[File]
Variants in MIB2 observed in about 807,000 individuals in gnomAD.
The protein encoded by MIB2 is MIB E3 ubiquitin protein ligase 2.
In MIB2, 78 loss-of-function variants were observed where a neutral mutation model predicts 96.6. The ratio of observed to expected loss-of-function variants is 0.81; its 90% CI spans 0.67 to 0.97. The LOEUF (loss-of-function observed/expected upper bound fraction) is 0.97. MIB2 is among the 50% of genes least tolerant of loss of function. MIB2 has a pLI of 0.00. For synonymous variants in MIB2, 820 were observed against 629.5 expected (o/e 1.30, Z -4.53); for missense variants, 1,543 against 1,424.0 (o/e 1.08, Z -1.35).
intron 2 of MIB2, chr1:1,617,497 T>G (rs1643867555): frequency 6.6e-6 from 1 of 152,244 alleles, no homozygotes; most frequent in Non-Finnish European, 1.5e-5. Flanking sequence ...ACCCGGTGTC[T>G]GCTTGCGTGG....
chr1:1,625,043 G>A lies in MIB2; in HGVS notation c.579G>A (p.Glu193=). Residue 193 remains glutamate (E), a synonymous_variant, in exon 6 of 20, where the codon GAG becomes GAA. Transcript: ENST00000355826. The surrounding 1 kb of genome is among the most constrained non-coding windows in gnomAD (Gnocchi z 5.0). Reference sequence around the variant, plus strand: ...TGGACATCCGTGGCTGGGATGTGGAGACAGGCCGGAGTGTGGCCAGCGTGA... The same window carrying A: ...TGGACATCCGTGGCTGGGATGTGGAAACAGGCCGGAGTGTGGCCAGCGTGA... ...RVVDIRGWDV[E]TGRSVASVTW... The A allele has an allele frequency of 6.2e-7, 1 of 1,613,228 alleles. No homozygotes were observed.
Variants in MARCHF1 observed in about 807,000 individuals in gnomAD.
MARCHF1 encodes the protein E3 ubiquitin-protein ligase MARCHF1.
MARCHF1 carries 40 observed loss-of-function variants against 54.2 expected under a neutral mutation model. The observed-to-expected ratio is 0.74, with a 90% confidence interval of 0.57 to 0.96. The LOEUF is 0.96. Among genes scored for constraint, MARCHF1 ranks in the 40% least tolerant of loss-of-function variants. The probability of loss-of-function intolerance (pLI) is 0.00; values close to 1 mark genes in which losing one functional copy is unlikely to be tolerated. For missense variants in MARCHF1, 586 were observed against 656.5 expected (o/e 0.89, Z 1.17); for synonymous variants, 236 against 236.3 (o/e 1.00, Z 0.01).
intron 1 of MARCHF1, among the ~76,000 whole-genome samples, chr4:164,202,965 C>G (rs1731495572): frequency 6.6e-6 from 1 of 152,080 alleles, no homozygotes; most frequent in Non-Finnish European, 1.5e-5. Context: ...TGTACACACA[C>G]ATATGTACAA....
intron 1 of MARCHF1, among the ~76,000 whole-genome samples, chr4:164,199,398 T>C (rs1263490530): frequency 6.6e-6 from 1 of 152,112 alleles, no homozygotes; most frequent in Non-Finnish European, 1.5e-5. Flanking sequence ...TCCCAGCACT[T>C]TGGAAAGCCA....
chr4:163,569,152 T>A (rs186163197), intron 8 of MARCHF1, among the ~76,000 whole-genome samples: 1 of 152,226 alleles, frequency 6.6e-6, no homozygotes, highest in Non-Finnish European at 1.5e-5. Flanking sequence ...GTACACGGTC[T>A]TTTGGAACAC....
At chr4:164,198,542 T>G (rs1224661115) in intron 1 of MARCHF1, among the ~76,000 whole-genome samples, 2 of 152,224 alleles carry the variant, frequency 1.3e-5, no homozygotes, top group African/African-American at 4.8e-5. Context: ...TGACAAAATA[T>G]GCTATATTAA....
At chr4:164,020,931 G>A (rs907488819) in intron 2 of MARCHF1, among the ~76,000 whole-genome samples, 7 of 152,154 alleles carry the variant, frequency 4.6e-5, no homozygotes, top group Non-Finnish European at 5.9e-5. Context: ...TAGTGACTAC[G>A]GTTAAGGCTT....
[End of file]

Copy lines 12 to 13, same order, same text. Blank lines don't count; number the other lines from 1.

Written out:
At chr4:164,198,542 T>G (rs1224661115) in intron 1 of MARCHF1, among the ~76,000 whole-genome samples, 2 of 152,224 alleles carry the variant, frequency 1.3e-5, no homozygotes, top group African/African-American at 4.8e-5. Context: ...TGACAAAATA[T>G]GCTATATTAA....
At chr4:164,020,931 G>A (rs907488819) in intron 2 of MARCHF1, among the ~76,000 whole-genome samples, 7 of 152,154 alleles carry the variant, frequency 4.6e-5, no homozygotes, top group Non-Finnish European at 5.9e-5. Context: ...TAGTGACTAC[G>A]GTTAAGGCTT....